When individuals devote time to foundation matters—whether as officers, directors, trustees, executive directors, employees, or professional service providers—they may expect to be fairly compensated for their time and effort. Unfortunately, because of a few bad actors, the issue of compensating insiders for their work on the foundation has become something of a lightning rod for controversy.
No one wants foundations to use compensation as a pretext for the transfer of tax-exempt funds to family members. Private foundations, after all, are organized expressly for charitable purposes. Federal and state laws discourage abuse, but some foundations have charter documents that prohibit compensation outright, requiring that those who serve on the foundation do so strictly as volunteers. For those foundations that do compensate insiders— and many do—attention must be paid to make sure compensation is both “reasonable and necessary.” Failure to do so could expose the foundation, and possibly the compensated individual, to federal tax penalties—not to mention humiliating press coverage and public derision.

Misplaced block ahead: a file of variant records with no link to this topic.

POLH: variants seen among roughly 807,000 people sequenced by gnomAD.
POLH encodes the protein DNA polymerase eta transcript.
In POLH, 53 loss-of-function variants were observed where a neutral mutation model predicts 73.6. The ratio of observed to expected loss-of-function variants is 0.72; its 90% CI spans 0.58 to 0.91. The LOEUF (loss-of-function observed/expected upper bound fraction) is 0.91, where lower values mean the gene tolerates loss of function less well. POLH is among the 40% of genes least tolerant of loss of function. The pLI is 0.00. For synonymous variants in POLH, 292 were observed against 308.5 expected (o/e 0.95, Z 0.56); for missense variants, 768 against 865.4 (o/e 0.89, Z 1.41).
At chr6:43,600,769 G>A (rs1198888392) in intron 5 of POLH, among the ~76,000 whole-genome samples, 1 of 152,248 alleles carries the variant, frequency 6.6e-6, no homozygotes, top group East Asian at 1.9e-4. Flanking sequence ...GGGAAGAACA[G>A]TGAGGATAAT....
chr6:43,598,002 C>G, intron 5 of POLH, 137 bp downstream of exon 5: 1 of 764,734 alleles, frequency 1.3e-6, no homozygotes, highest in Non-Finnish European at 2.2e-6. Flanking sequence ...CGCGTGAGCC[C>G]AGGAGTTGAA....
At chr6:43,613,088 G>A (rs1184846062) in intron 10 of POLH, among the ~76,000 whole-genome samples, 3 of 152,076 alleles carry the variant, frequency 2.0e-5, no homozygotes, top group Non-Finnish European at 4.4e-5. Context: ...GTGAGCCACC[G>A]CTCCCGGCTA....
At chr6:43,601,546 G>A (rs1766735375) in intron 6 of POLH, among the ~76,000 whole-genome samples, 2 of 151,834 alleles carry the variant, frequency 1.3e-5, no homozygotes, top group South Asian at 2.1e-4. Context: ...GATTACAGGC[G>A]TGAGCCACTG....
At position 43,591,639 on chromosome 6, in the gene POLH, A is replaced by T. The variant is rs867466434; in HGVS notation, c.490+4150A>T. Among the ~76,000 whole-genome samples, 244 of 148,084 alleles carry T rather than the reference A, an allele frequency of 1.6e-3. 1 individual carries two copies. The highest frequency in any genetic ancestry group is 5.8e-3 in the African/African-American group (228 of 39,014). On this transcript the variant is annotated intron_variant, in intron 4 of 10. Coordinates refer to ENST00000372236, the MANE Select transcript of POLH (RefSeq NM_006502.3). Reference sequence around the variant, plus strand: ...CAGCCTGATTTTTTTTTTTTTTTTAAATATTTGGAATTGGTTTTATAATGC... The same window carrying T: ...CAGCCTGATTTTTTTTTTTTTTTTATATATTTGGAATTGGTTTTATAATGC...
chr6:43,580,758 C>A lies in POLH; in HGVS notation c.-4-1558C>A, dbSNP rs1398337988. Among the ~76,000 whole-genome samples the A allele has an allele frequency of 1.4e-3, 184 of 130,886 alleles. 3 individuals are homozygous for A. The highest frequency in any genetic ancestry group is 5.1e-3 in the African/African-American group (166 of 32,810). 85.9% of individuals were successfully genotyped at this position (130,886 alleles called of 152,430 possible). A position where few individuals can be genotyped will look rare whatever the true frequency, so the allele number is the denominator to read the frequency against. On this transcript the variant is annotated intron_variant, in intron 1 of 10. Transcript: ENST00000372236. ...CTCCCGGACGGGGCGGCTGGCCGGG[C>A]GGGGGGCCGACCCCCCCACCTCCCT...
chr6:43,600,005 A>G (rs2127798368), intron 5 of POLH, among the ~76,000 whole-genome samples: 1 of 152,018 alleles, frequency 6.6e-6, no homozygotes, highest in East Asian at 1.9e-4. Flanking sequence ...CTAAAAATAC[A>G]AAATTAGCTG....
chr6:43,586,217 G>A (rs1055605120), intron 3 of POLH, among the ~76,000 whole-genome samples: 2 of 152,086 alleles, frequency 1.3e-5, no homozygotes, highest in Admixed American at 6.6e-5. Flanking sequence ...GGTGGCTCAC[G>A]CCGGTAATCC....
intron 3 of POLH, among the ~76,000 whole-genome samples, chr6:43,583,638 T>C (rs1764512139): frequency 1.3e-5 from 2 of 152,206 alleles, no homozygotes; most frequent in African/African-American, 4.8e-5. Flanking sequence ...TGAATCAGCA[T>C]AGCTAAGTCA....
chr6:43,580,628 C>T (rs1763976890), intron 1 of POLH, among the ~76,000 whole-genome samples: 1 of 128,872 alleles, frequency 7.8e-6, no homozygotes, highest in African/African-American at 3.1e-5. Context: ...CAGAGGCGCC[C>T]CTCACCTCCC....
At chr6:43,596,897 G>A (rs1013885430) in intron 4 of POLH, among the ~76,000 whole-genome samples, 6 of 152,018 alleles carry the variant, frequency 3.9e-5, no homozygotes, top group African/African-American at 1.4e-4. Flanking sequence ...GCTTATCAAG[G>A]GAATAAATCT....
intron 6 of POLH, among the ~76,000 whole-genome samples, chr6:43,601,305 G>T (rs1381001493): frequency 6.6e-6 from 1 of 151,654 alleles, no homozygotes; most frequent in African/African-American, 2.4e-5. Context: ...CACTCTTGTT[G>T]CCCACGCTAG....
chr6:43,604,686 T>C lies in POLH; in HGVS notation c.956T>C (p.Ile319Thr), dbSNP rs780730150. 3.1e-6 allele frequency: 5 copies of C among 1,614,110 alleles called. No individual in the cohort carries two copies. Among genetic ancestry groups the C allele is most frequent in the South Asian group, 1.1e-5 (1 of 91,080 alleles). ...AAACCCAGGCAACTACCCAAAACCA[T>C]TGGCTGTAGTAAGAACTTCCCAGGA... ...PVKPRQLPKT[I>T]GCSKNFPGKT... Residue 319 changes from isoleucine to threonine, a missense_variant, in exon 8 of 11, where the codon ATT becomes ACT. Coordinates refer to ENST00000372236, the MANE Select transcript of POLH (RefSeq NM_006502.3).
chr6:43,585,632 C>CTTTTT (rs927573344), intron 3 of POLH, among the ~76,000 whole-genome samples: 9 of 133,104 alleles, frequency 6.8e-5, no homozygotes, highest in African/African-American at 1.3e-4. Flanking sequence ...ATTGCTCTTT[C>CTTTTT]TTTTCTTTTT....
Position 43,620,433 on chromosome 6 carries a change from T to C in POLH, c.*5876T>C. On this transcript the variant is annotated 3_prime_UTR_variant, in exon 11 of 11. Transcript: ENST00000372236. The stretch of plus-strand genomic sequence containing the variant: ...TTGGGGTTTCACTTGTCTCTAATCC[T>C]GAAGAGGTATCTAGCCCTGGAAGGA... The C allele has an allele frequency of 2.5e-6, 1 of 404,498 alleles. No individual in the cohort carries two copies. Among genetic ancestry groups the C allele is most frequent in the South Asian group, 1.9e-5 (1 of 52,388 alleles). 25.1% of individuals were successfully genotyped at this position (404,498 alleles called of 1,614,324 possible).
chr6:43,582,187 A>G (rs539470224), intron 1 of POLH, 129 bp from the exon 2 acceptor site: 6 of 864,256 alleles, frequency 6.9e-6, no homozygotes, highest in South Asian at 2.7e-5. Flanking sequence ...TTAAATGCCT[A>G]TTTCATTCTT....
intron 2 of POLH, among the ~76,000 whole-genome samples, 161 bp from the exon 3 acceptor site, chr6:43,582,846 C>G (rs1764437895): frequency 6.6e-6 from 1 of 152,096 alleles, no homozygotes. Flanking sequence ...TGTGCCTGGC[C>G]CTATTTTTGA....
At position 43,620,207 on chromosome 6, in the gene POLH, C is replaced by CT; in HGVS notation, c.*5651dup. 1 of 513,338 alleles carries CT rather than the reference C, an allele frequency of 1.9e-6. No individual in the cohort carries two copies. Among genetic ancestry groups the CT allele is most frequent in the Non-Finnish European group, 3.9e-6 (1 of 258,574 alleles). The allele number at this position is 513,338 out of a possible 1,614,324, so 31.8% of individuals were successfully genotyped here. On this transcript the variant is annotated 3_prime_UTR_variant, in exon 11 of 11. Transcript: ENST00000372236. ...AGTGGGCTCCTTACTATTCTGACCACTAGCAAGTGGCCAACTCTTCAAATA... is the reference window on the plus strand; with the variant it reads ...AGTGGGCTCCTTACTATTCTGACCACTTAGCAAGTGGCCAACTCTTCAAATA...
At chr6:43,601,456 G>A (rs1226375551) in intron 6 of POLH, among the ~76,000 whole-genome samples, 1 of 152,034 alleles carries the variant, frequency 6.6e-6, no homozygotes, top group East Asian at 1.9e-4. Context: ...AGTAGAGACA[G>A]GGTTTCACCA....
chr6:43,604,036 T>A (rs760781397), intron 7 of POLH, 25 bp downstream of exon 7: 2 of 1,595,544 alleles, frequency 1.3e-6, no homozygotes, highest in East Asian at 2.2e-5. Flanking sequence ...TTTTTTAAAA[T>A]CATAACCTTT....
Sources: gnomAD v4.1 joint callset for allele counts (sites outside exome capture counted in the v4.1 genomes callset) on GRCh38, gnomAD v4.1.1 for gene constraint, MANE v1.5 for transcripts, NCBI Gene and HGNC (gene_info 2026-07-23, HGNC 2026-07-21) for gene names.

Generally speaking, as spelled out in Section 4941, the IRS prohibits all financial transactions between a private foundation and its “disqualified persons” (insiders). All such transactions are considered self-dealing, and such violations can result in tax penalties and even the loss of the foundation’s exempt status.